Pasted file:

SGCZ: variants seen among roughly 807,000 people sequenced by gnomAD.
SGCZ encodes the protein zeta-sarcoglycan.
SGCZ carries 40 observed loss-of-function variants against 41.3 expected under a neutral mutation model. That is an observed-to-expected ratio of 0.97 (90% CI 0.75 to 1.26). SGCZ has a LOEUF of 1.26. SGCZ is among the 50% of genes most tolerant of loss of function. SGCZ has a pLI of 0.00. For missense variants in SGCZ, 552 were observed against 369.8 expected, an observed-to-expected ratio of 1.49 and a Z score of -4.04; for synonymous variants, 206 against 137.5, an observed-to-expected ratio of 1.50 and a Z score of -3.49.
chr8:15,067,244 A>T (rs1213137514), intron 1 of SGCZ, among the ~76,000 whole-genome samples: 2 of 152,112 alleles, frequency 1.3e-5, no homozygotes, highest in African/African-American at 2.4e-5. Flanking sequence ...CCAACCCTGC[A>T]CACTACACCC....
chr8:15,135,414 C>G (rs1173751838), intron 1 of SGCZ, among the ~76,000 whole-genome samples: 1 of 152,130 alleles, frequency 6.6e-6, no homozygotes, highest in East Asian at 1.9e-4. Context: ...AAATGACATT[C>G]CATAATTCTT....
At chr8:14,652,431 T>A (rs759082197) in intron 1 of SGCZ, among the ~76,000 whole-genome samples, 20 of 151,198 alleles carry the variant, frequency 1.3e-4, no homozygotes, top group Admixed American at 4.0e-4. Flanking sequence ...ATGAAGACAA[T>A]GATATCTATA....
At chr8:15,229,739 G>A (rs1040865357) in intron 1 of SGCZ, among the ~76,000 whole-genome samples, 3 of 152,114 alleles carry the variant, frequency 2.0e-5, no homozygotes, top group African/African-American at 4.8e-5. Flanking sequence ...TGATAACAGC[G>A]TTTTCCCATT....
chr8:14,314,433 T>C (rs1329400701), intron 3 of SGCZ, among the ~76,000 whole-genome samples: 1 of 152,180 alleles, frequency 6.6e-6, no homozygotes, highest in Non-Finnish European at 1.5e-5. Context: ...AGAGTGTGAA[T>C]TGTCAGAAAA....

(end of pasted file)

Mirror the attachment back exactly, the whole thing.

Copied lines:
SGCZ: variants seen among roughly 807,000 people sequenced by gnomAD.
SGCZ encodes the protein zeta-sarcoglycan.
SGCZ carries 40 observed loss-of-function variants against 41.3 expected under a neutral mutation model. That is an observed-to-expected ratio of 0.97 (90% CI 0.75 to 1.26). SGCZ has a LOEUF of 1.26. SGCZ is among the 50% of genes most tolerant of loss of function. SGCZ has a pLI of 0.00. For missense variants in SGCZ, 552 were observed against 369.8 expected, an observed-to-expected ratio of 1.49 and a Z score of -4.04; for synonymous variants, 206 against 137.5, an observed-to-expected ratio of 1.50 and a Z score of -3.49.
chr8:15,067,244 A>T (rs1213137514), intron 1 of SGCZ, among the ~76,000 whole-genome samples: 2 of 152,112 alleles, frequency 1.3e-5, no homozygotes, highest in African/African-American at 2.4e-5. Flanking sequence ...CCAACCCTGC[A>T]CACTACACCC....
chr8:15,135,414 C>G (rs1173751838), intron 1 of SGCZ, among the ~76,000 whole-genome samples: 1 of 152,130 alleles, frequency 6.6e-6, no homozygotes, highest in East Asian at 1.9e-4. Context: ...AAATGACATT[C>G]CATAATTCTT....
At chr8:14,652,431 T>A (rs759082197) in intron 1 of SGCZ, among the ~76,000 whole-genome samples, 20 of 151,198 alleles carry the variant, frequency 1.3e-4, no homozygotes, top group Admixed American at 4.0e-4. Flanking sequence ...ATGAAGACAA[T>A]GATATCTATA....
At chr8:15,229,739 G>A (rs1040865357) in intron 1 of SGCZ, among the ~76,000 whole-genome samples, 3 of 152,114 alleles carry the variant, frequency 2.0e-5, no homozygotes, top group African/African-American at 4.8e-5. Flanking sequence ...TGATAACAGC[G>A]TTTTCCCATT....
chr8:14,314,433 T>C (rs1329400701), intron 3 of SGCZ, among the ~76,000 whole-genome samples: 1 of 152,180 alleles, frequency 6.6e-6, no homozygotes, highest in Non-Finnish European at 1.5e-5. Context: ...AGAGTGTGAA[T>C]TGTCAGAAAA....